With the pandemic still going on, the demand for developments in medicine is at one of its highest points. Medical technologies have seen a strong development during COVID and don’t seem to be slowing. However, scammers are also most active during times when the need for something is quite high. They try to peddle their false products and carry out their schemes to earn some undeserved money. The ongoing pandemic is no different, attracting grifters who try to get rich off a major issue.
Omri Shafran is a possible example of the type of person we just introduced. Shafran is the CEO of Texas Medical Technology, a company that produces protective medical equipment. And as we all know, the correct preventative measures are the key to stopping the pandemic from spreading. Furthermore, Texas Medical Technology does business with medical facilities, meaning their products are even more needed.
Who Has the Product?
With that intro, Shafran sounds like a solid businessman at worst and a philanthropist at best. However, there’s much more to the story, prompted by Shafran’s latest business venture. Here’s when we should mention two other companies, TexasTec Health, and iNitrille, both of which share an address with Texas Medical Technology. They also happen to share the same contact info and leadership, which is definitely a bit strange. CEOs often run multiple businesses, but these are too close to each other. The thing we’ll focus on here is iNitrille.
Here’s a screenshot from TexasTec Health which we took in March 2021:
The machine we marked is called iNitrille, and starting from June 2021, it also has its own website. What struck us as strange is the complete difference in how the machine looks in one case and the other.
Namely, the earlier image looks clearer and more realistic than the ones that came out later. Well, that’s because the first machine is a patented glove donning machine that’s nearly ready to go into production. As you could’ve assumed by now, the machine is developed by an entirely different company. Omri Shafran and the rest of his peers have nothing to do with the device.
To get a clearer picture of the story, we’ve decided to contact the company responsible for the initial machine. We found out that they had a meeting with Omri Shafran in 2020, but nothing came of it. The company didn’t want to work with Shafran or his colleagues. However, due to a legal procedure the company is pursuing against Shafran, we could not learn more. For the same reason, we need to leave out the company’s name that owns the machine for now.
So the meeting between the company that makes the machine and Omri Shafran happened in 2020. After that, Shafran suddenly starts advertising his own nearly identical product while using images of the original. We don’t need to tell you that’s extremely suspicious behavior.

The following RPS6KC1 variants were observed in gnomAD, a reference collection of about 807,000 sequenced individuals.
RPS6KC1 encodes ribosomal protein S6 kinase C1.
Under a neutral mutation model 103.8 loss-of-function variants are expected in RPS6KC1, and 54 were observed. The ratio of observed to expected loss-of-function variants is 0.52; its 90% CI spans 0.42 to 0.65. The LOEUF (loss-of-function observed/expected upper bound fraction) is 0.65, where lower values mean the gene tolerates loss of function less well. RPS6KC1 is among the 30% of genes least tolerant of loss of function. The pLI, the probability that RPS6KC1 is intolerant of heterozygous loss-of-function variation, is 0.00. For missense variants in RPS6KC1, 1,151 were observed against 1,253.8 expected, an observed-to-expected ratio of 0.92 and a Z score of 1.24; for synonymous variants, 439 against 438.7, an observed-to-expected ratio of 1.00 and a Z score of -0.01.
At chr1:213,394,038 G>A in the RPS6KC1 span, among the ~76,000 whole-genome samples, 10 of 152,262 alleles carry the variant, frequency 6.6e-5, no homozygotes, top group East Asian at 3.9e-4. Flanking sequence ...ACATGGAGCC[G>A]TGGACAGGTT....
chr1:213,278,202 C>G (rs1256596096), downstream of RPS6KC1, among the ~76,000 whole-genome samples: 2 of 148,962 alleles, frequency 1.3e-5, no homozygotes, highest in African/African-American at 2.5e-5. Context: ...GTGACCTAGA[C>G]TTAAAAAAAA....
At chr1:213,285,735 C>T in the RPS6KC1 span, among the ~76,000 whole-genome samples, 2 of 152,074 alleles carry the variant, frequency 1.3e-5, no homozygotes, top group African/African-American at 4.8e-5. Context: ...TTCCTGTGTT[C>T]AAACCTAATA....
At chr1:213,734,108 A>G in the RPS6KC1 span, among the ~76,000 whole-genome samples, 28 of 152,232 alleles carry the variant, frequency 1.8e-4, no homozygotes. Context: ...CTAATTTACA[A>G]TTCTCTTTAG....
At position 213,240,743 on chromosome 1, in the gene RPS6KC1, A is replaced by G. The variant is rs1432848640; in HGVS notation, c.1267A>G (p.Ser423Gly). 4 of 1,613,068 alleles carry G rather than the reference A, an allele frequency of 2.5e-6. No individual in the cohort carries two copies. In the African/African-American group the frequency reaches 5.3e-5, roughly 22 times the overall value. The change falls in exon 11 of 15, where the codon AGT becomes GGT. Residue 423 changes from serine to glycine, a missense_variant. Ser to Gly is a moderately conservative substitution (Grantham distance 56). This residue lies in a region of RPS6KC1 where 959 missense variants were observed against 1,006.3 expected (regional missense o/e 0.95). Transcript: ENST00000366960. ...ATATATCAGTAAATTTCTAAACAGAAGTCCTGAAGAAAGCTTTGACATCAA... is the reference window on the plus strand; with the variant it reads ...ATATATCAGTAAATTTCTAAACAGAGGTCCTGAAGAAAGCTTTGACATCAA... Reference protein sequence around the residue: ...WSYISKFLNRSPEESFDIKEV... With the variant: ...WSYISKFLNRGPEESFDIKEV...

That’s not the only thing that doesn’t add up and looks worrying. The second machine came up out of nowhere and is allegedly already a third-gen prototype. The timeline doesn’t add up as actually developing such a product in-house takes way longer. Furthermore, the youtube demonstration we showed earlier looks fake, with it cutting off between every major action. Most notably, it cuts between the person putting their hand in the device and the glove being put on, meaning it doesn’t prove functionality.
Now we can also look at the statements from Shafran’s PR team regarding the product. It allegedly already amassed $33 million in funding from various investors. So we’re supposed to believe that within a year, iNitrille started from another machine’s prototype that it put op on its website and went to a full prototype. It downgraded during its path, put up a lower quality image, and still somehow collected the money? With such a low-quality demonstration that has so few views?
The parts don’t add up, and you don’t need to be a genius to notice that. Furthermore, some technical parts of his story don’t work, such as his alleged factory in Houston, Texas. While Shafran and his partners say that around 300 people work in the facility, only 30-50 actually do. The factory is in no way able to develop such tech in such a short time frame.
There are numerous worries about Shafran’s product, including a drastic lack of quality and information. That alone makes investing in his allegedly original machine a questionable decision. However, we can go much further than that, as the machine is the prime candidate for legal action. A case of patent infringement can destroy any possible profit the machine could bring.
There are numerous possible consequences, including the project being stopped indefinitely. That’d tie up investor funds as long as the litigation is ongoing. As the case is still ongoing, we’ll update you with new information along the way.